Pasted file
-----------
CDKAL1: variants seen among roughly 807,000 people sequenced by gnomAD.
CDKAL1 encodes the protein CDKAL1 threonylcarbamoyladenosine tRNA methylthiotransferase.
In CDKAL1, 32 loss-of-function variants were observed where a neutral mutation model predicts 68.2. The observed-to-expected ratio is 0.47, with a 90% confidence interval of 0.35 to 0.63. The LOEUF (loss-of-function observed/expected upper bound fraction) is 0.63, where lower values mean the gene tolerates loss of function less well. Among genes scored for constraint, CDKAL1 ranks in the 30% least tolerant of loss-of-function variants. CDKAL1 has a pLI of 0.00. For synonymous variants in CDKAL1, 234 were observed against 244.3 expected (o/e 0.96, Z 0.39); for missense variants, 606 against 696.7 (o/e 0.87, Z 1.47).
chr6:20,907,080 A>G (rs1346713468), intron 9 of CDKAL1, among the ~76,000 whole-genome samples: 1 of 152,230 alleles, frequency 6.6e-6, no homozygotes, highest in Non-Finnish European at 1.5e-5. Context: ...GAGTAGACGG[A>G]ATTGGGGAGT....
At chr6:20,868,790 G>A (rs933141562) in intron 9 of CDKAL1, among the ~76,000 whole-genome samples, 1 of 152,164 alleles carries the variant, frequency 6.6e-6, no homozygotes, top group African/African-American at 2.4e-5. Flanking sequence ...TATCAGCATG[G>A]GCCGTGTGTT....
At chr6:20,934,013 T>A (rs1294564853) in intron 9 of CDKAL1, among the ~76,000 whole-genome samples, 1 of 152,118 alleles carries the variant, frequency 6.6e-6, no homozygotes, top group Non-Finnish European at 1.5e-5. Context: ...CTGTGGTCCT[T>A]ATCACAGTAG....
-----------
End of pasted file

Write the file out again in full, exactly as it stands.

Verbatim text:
CDKAL1: variants seen among roughly 807,000 people sequenced by gnomAD.
CDKAL1 encodes the protein CDKAL1 threonylcarbamoyladenosine tRNA methylthiotransferase.
In CDKAL1, 32 loss-of-function variants were observed where a neutral mutation model predicts 68.2. The observed-to-expected ratio is 0.47, with a 90% confidence interval of 0.35 to 0.63. The LOEUF (loss-of-function observed/expected upper bound fraction) is 0.63, where lower values mean the gene tolerates loss of function less well. Among genes scored for constraint, CDKAL1 ranks in the 30% least tolerant of loss-of-function variants. CDKAL1 has a pLI of 0.00. For synonymous variants in CDKAL1, 234 were observed against 244.3 expected (o/e 0.96, Z 0.39); for missense variants, 606 against 696.7 (o/e 0.87, Z 1.47).
chr6:20,907,080 A>G (rs1346713468), intron 9 of CDKAL1, among the ~76,000 whole-genome samples: 1 of 152,230 alleles, frequency 6.6e-6, no homozygotes, highest in Non-Finnish European at 1.5e-5. Context: ...GAGTAGACGG[A>G]ATTGGGGAGT....
At chr6:20,868,790 G>A (rs933141562) in intron 9 of CDKAL1, among the ~76,000 whole-genome samples, 1 of 152,164 alleles carries the variant, frequency 6.6e-6, no homozygotes, top group African/African-American at 2.4e-5. Flanking sequence ...TATCAGCATG[G>A]GCCGTGTGTT....
At chr6:20,934,013 T>A (rs1294564853) in intron 9 of CDKAL1, among the ~76,000 whole-genome samples, 1 of 152,118 alleles carries the variant, frequency 6.6e-6, no homozygotes, top group Non-Finnish European at 1.5e-5. Context: ...CTGTGGTCCT[T>A]ATCACAGTAG....